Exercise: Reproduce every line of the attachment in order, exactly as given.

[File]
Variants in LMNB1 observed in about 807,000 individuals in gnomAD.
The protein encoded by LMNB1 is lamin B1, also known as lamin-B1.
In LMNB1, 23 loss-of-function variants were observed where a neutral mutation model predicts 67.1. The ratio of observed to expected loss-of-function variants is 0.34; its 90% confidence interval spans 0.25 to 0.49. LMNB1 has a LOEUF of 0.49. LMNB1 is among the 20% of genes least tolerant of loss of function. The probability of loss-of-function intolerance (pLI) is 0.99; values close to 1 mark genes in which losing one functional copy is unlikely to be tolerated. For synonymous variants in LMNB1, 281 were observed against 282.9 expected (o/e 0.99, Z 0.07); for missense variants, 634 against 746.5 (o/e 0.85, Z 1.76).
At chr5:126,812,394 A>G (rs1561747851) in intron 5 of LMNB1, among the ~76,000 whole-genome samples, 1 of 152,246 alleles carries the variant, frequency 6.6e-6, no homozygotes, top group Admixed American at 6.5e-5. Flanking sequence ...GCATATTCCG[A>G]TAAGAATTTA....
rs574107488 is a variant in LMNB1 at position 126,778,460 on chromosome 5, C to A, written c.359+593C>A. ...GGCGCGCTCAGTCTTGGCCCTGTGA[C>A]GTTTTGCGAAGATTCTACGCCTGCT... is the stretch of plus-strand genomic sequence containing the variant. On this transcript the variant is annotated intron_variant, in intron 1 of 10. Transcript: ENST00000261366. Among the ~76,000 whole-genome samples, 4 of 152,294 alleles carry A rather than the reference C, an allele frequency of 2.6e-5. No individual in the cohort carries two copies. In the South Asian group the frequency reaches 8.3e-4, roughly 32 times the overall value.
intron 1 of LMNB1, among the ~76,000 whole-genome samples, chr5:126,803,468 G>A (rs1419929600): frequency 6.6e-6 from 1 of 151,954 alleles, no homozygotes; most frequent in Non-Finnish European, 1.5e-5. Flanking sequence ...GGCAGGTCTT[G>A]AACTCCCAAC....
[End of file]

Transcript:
Variants in LMNB1 observed in about 807,000 individuals in gnomAD.
The protein encoded by LMNB1 is lamin B1, also known as lamin-B1.
In LMNB1, 23 loss-of-function variants were observed where a neutral mutation model predicts 67.1. The ratio of observed to expected loss-of-function variants is 0.34; its 90% confidence interval spans 0.25 to 0.49. LMNB1 has a LOEUF of 0.49. LMNB1 is among the 20% of genes least tolerant of loss of function. The probability of loss-of-function intolerance (pLI) is 0.99; values close to 1 mark genes in which losing one functional copy is unlikely to be tolerated. For synonymous variants in LMNB1, 281 were observed against 282.9 expected (o/e 0.99, Z 0.07); for missense variants, 634 against 746.5 (o/e 0.85, Z 1.76).
At chr5:126,812,394 A>G (rs1561747851) in intron 5 of LMNB1, among the ~76,000 whole-genome samples, 1 of 152,246 alleles carries the variant, frequency 6.6e-6, no homozygotes, top group Admixed American at 6.5e-5. Flanking sequence ...GCATATTCCG[A>G]TAAGAATTTA....
rs574107488 is a variant in LMNB1 at position 126,778,460 on chromosome 5, C to A, written c.359+593C>A. ...GGCGCGCTCAGTCTTGGCCCTGTGA[C>A]GTTTTGCGAAGATTCTACGCCTGCT... is the stretch of plus-strand genomic sequence containing the variant. On this transcript the variant is annotated intron_variant, in intron 1 of 10. Transcript: ENST00000261366. Among the ~76,000 whole-genome samples, 4 of 152,294 alleles carry A rather than the reference C, an allele frequency of 2.6e-5. No individual in the cohort carries two copies. In the South Asian group the frequency reaches 8.3e-4, roughly 32 times the overall value.
intron 1 of LMNB1, among the ~76,000 whole-genome samples, chr5:126,803,468 G>A (rs1419929600): frequency 6.6e-6 from 1 of 151,954 alleles, no homozygotes; most frequent in Non-Finnish European, 1.5e-5. Flanking sequence ...GGCAGGTCTT[G>A]AACTCCCAAC....